Many organists who fall in love with Bach’s organ music at some point may have heard about his extraordinary skills in improvisation, stories how he improvised a complex six-part fugue in front of Frederic the Great, King of Prussia or elaborate chorale fantasia which lasted almost half an hour for Jan Adam Reincken, the organist of St. Catherine church in Hamburg.
Upon remembering such accounts, I used to think that it was impossible to achieve such mastery for regular organists. However, my opinion started to change when I first heard organists like William Porter and Edoardo Belotti improvise at Gothenburg International Organ Academy (Sweden) back in 2000. These were the people who thought that everything that was composed theoretically could be improvised as well.
They were especially interested in reconstructing the improvisation techniques of the 17th century. At the same Gothenburg International Organ Academy, I met Pamela Ruiter-Feenstra who taught improvisation in the style of Johann Sebastian Bach. Her deepest passion was to discover and reconstruct Bach’s improvisation pedagogy. Her discoveries were supposed to be published in the form of a book in 2001.
I had a privilege of studying improvisation and organ performance under P.Ruiter-Feenstra at Eastern Michigan University for my Master’s degree. However, we had to wait for the appearance of her book about ten years. This book, „Bach and the Art of Improvisation“, (Ann Arbor, MI: CHI Press, 2011) “represents a lifetime of experience and experimentation, teaching and researching, performing and improvising”, as Joel Speerstra writes in the Foreword of this book.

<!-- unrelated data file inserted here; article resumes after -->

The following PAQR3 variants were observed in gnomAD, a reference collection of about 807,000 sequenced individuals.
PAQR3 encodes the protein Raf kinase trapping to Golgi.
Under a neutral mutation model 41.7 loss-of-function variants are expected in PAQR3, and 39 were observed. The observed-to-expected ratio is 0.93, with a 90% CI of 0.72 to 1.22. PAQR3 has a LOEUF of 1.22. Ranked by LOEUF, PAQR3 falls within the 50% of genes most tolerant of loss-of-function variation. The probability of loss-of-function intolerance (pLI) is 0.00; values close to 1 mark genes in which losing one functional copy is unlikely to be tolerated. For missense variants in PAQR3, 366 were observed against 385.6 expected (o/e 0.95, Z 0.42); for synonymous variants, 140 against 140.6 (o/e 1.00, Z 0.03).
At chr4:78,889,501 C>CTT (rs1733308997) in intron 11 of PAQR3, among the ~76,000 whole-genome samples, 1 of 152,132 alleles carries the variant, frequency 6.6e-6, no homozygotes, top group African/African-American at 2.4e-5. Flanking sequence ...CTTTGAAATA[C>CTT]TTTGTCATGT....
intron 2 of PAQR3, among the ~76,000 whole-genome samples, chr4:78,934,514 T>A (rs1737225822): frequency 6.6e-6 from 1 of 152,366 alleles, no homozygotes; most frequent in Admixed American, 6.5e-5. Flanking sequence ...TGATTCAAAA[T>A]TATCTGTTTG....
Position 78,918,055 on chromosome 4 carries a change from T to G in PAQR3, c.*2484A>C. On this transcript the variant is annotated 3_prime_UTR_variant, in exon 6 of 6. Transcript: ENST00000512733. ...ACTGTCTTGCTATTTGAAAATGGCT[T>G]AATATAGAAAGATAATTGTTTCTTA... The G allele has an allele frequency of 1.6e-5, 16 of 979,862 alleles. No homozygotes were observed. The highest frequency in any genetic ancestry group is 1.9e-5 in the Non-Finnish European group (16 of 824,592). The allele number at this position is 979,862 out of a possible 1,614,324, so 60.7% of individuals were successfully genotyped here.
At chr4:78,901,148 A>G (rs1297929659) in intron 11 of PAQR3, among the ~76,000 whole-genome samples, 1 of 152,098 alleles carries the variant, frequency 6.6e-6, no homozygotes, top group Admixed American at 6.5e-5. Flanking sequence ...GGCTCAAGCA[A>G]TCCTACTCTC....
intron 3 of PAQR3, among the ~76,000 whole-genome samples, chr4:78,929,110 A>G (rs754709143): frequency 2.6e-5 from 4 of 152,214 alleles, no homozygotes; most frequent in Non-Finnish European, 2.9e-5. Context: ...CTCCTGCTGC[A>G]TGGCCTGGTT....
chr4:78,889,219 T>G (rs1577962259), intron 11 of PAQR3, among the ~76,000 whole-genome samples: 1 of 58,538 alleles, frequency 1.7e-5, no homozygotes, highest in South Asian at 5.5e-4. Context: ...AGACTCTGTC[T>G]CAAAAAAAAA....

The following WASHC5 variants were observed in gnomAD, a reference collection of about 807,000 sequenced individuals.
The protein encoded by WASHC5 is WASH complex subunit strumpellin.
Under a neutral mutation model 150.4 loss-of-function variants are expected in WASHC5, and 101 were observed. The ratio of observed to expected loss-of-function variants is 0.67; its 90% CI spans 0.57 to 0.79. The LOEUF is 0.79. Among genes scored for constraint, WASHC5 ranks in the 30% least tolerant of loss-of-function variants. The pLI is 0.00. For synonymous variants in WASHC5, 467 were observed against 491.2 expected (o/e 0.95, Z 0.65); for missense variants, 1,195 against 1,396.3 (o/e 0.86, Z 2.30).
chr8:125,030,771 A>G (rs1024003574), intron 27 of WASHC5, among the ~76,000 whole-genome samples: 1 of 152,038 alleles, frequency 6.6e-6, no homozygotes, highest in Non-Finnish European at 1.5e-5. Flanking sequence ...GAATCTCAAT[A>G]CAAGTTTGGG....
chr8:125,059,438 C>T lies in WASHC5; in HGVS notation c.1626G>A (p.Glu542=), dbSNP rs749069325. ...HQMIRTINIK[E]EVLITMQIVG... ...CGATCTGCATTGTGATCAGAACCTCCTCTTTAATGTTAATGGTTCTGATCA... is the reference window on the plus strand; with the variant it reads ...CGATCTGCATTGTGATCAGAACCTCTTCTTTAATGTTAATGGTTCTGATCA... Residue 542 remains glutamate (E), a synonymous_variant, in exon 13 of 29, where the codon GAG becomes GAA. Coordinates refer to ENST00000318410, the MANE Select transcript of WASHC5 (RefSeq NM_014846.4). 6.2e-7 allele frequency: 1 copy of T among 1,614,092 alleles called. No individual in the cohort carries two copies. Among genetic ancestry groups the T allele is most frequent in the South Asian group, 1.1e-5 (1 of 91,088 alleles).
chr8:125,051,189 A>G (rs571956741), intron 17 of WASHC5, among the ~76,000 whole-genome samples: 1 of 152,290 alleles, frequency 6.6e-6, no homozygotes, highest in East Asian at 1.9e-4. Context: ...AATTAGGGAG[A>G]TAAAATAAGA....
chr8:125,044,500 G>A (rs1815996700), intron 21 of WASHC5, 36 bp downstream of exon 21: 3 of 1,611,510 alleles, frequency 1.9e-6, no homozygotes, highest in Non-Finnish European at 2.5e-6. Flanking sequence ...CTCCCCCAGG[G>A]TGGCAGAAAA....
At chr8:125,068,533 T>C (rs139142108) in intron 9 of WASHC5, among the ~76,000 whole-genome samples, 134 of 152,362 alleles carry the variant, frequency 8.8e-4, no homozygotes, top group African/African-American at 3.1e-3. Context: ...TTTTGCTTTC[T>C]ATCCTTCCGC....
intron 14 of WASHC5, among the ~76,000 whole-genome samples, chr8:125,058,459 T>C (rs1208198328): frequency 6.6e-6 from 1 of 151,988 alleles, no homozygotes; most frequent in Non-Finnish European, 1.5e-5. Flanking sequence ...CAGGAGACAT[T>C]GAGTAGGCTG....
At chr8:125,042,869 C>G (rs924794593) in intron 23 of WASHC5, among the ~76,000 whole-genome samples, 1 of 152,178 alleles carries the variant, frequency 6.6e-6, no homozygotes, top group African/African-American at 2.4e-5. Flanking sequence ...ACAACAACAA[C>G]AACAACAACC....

In this article, I will give a short review Volume One of the book „Bach and the Art of Improvisation“ by Pamela Ruiter-Feenstra (please note that Volume Two is forthcoming).
Volume I is devoted to Chorale-based improvisation and consists of 7 chapters – Chapter 1: “Improvisation as Extemporaneous Composition”, Chapter 2: “Tenacity, Touch, and Fingering”, Chapter 3: “Thoroughbass and Cadences”, Chapter 4: “Chorales and Harmonization”, Chapter 5: “Counterpoint and Chorale Partitas”, Chapter 6: “Bach as Teenager: the Neumeister Collection”, and Chapter 7: “Bach at Forty-Something: Dance Suites”. Volume II will focus on improvisation of Free works and Continuo.